First, a confession: This should have gone up three days ago. A recent newsflash has pushed the time of the first stone tools back 700,000 years! But until very recently the earliest known stone tools dated back to the Oldowan, 2.6 million years ago, so today is when this post is published.
We now know that tool making is not uniquely human. But Oldowan tools – including choppers (below), pounders, and scrapers — go beyond anything chimpanzees, or other animals, do. Kanzi, a bonobo (pygmy chimpanzee, who was also taught to communicate with an artificial set of symbols) learned to use sharp stone flakes for cutting, but never mastered the art of striking a stone core at the proper angle to produce useful sharp flakes. Apparently australopithecines (or maybe early Homo or Kenyanthropus) had taken a step further by 2.6 million years ago (or earlier).
Early evolutionary theory developed in tandem with the Industrial Revolution and included an appreciation for the importance of manual labor. Darwin, in The Descent of Man, argued for the central role of toolmaking in human evolution, and, not surprisingly, the same point was echoed by Friedrich Engels in 1876, in his unfinished essay “The Part Played by Labor in the Transition from Ape to Man.” Engels was pushing back against the attitude in most traditional stratified societies that manual labor is low class and symbolic labor (and/or wielding weapons) is high class. For example the fingernails on this Chinese scholar advertized that he didn’t work with his hands.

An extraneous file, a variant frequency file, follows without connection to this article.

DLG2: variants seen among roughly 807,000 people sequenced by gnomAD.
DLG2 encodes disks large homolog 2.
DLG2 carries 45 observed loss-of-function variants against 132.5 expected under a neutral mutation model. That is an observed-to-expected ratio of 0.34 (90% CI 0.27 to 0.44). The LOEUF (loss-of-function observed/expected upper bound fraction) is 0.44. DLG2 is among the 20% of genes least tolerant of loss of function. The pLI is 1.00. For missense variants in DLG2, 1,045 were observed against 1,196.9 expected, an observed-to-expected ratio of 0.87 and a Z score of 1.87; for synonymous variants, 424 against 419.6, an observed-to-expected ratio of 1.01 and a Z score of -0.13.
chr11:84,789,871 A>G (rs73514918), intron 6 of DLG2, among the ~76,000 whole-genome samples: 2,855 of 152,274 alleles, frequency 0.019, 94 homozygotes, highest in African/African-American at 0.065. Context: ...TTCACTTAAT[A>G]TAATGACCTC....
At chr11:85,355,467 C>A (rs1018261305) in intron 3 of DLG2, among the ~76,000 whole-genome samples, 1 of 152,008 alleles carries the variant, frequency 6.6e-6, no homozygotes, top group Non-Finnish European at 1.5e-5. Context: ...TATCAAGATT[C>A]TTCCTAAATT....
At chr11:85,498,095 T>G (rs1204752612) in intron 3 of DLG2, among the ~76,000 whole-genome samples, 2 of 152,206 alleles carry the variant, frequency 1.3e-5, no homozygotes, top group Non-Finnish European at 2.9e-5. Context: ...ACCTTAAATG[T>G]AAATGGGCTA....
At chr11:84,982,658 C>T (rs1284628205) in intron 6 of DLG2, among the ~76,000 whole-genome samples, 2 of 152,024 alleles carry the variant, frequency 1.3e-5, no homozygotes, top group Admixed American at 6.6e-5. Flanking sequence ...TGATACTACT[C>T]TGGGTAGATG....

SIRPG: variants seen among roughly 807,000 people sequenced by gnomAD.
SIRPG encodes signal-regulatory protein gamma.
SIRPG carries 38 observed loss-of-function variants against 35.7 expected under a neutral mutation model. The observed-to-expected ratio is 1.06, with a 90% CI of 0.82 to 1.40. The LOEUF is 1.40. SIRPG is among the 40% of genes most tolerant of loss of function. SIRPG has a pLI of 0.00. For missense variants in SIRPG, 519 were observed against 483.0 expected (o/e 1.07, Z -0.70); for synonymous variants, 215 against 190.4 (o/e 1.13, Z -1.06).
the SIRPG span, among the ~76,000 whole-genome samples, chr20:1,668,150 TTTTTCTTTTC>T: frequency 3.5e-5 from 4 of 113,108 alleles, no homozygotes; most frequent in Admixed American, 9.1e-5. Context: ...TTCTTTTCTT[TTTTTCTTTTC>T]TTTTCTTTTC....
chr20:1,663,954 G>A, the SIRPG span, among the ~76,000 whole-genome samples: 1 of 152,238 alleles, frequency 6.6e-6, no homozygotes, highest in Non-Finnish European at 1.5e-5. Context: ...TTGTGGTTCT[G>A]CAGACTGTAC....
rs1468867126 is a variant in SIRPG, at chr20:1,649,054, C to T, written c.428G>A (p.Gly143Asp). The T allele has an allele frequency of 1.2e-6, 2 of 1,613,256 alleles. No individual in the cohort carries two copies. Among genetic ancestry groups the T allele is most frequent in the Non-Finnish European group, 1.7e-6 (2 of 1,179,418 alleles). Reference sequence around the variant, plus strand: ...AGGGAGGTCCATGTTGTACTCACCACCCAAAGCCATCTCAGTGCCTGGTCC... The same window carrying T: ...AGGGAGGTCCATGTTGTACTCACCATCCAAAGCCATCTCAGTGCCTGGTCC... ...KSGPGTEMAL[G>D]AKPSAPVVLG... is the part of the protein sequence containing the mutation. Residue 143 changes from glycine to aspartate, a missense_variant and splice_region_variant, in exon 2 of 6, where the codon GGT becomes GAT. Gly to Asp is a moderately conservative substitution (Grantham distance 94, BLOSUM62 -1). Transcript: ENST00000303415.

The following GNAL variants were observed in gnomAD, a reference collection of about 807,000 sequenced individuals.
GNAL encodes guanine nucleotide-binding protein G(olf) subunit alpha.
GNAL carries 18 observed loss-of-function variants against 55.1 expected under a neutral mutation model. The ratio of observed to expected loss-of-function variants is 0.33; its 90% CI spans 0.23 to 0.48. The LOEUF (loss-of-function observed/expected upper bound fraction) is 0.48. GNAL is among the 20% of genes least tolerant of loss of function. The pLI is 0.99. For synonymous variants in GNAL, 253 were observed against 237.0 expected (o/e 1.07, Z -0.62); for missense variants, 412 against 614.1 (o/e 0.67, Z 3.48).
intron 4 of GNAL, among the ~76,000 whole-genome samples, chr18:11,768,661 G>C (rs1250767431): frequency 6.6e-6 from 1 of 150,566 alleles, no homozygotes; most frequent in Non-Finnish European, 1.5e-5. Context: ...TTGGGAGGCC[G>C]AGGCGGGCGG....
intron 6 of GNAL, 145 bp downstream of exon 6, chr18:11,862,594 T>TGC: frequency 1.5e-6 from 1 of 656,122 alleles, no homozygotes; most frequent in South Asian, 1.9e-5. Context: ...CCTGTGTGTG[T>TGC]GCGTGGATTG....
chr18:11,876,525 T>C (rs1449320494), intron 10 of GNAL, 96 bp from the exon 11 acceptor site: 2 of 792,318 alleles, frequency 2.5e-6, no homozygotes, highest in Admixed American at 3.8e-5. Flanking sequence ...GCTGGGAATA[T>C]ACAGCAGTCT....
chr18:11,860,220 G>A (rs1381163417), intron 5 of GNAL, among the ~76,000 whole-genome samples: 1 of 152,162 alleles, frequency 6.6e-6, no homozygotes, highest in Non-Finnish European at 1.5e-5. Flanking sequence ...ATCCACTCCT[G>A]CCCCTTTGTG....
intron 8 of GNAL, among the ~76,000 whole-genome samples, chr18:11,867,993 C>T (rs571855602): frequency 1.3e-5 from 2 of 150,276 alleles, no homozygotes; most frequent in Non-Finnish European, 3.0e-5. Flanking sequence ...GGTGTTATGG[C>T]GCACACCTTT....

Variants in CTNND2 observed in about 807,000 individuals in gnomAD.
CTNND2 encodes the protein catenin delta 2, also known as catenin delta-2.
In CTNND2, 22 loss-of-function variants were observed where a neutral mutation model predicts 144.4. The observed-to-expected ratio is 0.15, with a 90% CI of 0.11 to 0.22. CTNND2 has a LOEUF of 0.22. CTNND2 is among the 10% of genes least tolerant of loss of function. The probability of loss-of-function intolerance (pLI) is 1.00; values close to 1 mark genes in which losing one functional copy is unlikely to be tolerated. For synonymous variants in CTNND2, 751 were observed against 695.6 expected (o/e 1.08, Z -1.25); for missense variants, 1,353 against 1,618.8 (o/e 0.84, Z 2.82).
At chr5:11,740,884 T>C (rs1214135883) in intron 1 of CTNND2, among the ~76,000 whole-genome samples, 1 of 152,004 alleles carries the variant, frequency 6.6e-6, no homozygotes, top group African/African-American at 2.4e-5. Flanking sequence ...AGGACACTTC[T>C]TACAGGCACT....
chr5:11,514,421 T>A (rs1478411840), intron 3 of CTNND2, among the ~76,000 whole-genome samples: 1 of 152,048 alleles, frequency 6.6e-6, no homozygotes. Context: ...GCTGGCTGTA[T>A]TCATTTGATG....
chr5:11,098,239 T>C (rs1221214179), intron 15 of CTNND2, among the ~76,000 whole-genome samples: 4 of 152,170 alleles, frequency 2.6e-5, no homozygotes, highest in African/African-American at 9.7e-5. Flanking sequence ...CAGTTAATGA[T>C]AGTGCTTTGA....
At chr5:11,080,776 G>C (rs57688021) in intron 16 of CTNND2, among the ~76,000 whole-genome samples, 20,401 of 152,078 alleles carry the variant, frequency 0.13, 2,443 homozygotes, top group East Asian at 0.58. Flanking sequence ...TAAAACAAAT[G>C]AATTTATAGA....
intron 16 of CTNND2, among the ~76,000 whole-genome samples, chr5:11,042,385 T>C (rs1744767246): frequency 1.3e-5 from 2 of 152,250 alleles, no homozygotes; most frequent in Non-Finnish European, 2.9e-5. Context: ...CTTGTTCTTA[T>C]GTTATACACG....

Nowadays, a common complaint about the post-industrial economy is that so much education and employment revolves around pushing symbols around that manual labor is relatively devalued. The recent book Shopcraft as Soulcraft: An Inquiry into the Value of Work is a statement of this lament. Maybe today or tomorrow is a good time to celebrate the part played by labor in the transition from ape to man — by making something, or mending something.